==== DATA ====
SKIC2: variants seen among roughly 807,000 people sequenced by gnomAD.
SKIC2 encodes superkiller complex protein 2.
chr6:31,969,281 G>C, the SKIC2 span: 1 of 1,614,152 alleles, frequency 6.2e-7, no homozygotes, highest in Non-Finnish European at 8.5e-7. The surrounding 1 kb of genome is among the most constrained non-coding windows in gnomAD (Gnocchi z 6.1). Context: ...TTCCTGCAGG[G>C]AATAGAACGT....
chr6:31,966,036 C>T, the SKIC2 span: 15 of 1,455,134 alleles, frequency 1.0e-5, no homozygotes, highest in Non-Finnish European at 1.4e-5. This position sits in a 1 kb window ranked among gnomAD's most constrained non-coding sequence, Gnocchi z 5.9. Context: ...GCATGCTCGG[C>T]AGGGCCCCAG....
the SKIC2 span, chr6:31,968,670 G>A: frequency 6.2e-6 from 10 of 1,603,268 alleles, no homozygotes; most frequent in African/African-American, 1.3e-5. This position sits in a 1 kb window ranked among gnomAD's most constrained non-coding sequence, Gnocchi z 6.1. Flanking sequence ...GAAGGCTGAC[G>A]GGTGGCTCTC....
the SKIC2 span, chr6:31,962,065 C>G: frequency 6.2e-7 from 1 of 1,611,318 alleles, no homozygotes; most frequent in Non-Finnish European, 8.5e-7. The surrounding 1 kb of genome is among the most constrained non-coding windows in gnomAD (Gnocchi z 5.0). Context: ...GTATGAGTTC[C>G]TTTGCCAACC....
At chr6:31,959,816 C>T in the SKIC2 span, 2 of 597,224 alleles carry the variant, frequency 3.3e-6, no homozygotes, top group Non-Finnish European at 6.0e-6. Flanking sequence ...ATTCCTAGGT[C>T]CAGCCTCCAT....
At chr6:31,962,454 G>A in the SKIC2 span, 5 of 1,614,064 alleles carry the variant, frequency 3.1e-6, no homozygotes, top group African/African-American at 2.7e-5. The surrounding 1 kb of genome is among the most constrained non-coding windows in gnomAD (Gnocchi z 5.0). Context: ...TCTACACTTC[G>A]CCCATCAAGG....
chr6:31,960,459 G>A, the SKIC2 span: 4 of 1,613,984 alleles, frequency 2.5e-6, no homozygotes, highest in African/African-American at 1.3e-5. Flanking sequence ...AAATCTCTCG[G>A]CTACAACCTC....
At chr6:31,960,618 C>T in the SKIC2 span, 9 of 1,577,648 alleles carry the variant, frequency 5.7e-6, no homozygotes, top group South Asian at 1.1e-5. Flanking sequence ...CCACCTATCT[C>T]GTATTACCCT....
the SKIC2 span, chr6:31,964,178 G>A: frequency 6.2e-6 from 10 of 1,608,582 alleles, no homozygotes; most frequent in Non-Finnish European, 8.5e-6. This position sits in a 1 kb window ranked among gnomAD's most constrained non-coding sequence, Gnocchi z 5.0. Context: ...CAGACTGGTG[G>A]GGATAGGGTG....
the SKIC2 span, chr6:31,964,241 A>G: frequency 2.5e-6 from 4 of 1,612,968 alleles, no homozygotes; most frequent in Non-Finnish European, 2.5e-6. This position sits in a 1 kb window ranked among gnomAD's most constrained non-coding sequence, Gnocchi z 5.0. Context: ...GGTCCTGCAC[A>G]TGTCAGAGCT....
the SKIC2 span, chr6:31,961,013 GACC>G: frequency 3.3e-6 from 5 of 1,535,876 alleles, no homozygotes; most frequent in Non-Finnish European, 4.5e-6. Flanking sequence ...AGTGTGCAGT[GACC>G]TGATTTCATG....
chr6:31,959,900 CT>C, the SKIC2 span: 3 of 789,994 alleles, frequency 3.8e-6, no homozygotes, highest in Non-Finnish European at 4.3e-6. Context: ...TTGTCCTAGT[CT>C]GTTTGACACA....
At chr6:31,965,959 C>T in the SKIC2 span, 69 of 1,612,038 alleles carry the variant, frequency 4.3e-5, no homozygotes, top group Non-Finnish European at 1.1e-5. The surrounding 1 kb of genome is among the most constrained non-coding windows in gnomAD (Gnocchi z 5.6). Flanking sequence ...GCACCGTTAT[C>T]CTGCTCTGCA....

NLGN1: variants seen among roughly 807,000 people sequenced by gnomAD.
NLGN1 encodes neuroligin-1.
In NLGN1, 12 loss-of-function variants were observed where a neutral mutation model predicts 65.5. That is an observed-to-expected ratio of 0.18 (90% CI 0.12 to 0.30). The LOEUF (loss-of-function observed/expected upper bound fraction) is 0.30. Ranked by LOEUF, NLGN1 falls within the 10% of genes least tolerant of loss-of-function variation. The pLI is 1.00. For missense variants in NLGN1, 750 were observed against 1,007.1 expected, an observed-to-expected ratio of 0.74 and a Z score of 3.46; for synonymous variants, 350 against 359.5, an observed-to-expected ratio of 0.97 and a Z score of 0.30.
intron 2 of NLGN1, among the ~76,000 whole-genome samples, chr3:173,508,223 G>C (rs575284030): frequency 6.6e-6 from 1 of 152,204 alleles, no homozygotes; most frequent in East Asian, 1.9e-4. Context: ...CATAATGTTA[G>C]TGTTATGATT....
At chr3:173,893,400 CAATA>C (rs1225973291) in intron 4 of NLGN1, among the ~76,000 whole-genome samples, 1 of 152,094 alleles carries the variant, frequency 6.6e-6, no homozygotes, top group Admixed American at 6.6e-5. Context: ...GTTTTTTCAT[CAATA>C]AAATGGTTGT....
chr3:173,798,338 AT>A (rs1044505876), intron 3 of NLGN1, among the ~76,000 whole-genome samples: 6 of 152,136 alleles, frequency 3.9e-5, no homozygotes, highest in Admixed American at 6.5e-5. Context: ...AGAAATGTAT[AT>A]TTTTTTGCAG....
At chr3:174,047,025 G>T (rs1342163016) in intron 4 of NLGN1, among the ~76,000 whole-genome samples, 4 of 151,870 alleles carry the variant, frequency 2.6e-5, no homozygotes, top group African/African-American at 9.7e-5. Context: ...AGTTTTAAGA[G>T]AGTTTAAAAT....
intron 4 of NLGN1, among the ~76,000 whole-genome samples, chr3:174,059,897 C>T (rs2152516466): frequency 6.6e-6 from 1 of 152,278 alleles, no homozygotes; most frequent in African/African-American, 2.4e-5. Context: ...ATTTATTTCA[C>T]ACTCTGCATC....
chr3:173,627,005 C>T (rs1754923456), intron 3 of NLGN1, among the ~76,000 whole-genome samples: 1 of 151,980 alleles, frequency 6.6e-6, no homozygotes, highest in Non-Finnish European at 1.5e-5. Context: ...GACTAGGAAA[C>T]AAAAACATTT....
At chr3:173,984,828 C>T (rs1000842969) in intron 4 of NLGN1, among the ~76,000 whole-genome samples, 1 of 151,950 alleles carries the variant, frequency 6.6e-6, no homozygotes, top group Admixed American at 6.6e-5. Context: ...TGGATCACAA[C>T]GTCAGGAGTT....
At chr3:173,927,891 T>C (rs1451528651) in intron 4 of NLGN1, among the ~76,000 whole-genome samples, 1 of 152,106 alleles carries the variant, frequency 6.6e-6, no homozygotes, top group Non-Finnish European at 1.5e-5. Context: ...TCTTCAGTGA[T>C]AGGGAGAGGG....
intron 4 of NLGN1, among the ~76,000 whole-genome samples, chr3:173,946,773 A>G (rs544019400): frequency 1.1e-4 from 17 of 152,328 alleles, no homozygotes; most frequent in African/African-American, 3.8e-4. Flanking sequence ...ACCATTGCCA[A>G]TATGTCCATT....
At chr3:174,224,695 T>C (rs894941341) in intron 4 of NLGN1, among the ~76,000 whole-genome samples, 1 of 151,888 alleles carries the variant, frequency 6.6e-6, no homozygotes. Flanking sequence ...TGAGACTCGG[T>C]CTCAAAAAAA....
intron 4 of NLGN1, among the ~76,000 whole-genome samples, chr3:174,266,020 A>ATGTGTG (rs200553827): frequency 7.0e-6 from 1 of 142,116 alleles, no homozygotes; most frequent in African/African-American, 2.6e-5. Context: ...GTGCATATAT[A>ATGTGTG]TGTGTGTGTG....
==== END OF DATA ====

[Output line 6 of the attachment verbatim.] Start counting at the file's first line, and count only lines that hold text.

the SKIC2 span, chr6:31,962,065 C>G: frequency 6.2e-7 from 1 of 1,611,318 alleles, no homozygotes; most frequent in Non-Finnish European, 8.5e-7. The surrounding 1 kb of genome is among the most constrained non-coding windows in gnomAD (Gnocchi z 5.0). Context: ...GTATGAGTTC[C>G]TTTGCCAACC....